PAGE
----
Thousands of Indian farmers marched to the capital to demand that government bring in legislation providing a guaranteed minimum support price for their crops and freedom from debts.
Farmer suicides in India, also known as the agrarian crisis, has been a problem for the country since 1990, caused by farmers inability to repay growing debt, often taken from local moneylenders and microcredit banks to pay for high priced high yield seeds marketed by MNCs and the non-implementation of minimum support prices (MSP) by central government and state governments. From 1998 to 2018, this has resulted in the suicides of 300,000 farmers in the country. 1,753 debt-ridden farmers have killed themselves since June 2017.
The years between 2015 and 2018 have seen several farmers marches across the country. In some cases, they have become deadly. In June 2017, police shot at a group of farmers in Mandsaur, killing at least six. In August 2017, farmers from the southern state of Tamil Nadu started a hunger strike in New Delhi's Jantar Mantar. Exasperated by what they viewed as government indifference, they escalated their protest by holding human bones and dead rats in their mouth, even threatening to ingest faeces if their demands were not met. When farmers protested in Delhi on October 2, they were met with barricades, water cannons and even tear gas shells.
On 28 November, thousands of farmers, labourers, and rural workers from across India boarded trains and tractors to the capital to participate in a two-day "Dilli Challo" (Let's go to Delhi) march.
They marched to parliament on 30 November to ask legislators to tackle the many challenges facing agrarian society. They will demand the passing of two bills, one to relieve farmers from debt and the other to secure minimum prices for their crops. This is first time over 200 farmer bodies have come together to protest under a single banner. 100,000 farmers have reportedly arrived in the national capital and around 21 political parties have supported the march.
Farmers belonging to the Scheduled Tribe community Dhamangaon village in Maharashtra's coastal district of Palghar are attending the New Delhi event to protest the acquisition of their land for the 508km-long high-speed rail corridor connecting Mumbai with another state capital, Ahmedabad.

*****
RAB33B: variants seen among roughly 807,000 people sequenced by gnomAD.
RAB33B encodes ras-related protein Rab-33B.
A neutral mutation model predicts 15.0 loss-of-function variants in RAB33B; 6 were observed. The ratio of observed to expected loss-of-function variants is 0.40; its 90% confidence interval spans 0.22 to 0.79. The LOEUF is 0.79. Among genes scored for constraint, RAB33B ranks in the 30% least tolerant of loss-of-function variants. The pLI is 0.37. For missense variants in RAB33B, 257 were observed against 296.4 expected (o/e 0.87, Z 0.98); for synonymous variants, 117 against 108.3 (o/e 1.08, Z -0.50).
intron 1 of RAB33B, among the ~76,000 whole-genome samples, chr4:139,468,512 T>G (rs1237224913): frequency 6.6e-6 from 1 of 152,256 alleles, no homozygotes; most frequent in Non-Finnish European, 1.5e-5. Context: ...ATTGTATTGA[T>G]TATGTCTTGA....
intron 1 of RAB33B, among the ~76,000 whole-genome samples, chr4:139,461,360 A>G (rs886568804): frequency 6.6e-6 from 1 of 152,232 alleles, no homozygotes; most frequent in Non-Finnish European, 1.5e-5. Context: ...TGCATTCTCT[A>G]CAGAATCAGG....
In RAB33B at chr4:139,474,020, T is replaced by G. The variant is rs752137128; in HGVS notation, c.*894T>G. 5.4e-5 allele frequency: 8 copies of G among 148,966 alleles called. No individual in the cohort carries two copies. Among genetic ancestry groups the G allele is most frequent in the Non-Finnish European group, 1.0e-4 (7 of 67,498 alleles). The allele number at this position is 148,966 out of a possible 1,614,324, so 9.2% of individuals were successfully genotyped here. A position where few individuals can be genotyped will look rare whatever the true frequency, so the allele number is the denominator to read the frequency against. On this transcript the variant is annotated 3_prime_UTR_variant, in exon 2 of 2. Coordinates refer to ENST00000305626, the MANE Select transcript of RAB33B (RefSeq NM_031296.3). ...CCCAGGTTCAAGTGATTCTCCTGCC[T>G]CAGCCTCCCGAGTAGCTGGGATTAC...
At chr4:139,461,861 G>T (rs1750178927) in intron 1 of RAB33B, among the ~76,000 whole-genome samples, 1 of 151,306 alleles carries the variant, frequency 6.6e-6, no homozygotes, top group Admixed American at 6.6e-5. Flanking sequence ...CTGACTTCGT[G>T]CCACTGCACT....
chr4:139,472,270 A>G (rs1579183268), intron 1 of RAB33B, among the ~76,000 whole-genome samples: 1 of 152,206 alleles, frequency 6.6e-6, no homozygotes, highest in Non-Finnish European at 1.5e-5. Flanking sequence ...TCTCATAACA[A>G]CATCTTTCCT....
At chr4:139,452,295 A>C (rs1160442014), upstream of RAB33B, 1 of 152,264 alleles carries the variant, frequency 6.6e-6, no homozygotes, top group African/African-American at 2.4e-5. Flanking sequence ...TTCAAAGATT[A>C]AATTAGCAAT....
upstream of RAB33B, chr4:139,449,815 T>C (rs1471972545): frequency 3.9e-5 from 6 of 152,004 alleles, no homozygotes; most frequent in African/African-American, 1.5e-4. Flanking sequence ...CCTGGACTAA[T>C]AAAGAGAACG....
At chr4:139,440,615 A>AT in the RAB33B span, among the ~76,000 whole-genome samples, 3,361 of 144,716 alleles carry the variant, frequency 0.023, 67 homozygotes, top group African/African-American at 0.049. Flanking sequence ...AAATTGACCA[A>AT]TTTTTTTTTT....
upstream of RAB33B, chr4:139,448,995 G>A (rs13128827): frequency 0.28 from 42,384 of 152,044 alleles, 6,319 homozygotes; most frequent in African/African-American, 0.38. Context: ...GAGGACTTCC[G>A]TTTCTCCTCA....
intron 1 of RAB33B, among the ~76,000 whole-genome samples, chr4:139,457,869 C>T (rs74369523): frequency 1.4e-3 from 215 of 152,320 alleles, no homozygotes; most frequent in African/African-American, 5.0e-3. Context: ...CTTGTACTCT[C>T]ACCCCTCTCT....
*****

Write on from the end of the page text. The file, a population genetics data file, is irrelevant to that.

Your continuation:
Others are participating in the march to demand a loan waiver, and a reduction in the prices of input material like seeds, fertilisers, and irrigation equipment. Another issue is the controversial change in the definition of drought by the central government in 2016. By measuring drought-affected areas on the basis of districts, rather than sub-divisions, the total number of drought-affected regions was brought down considerably on paper, and those affected are no longer eligible for relief.
The issue of farmer suicides, which increased by 42 per cent between 2014-15, is paramount. In 2016, the National Crimes Record Bureau stopped publishing farmer suicide rates, which some allege is an attempt to clear the government's track record. For the farmers, undertaking the journey to reach New Delhi involves tremendous sacrifice. This is because their absence will be acutely felt during the crucial harvest season back home.
Following previous protest marches, the India Union minister of state for agriculture Rajendra Singh Shekhawat said the government was assuring the farmers to take forward their cause. The minister said the government would look at bringing in some changes to the minimum wage rules for rural areas to solve their minimum support price problem. "The government has formed a committee of six chief ministers to look into this issue of labour for the farm. The committee is in talks to connect MNREGA with agriculture," Shekhawat added.
On behalf of Union Home Minister) Rajnath Singh, he assured protestors that the farmers' interests would be represented in this committee and the changes that would be required to link MNREGA with agriculture will be made.
Our assessment is that to address the agrarian problem in India, there is a need to go beyond the singular focus on “prices” and address fundamental structural reforms in the farming sector.
We believe that farm incomes have been unviable for a long time now, due to rising input costs and falling output prices, inequitable access to water resources and technological inputs, increasing and intensive cultivation of cash crops and a corresponding decline in productivity.
In our opinion, a consequence of the waiver of loans could be the demise of credit institutions.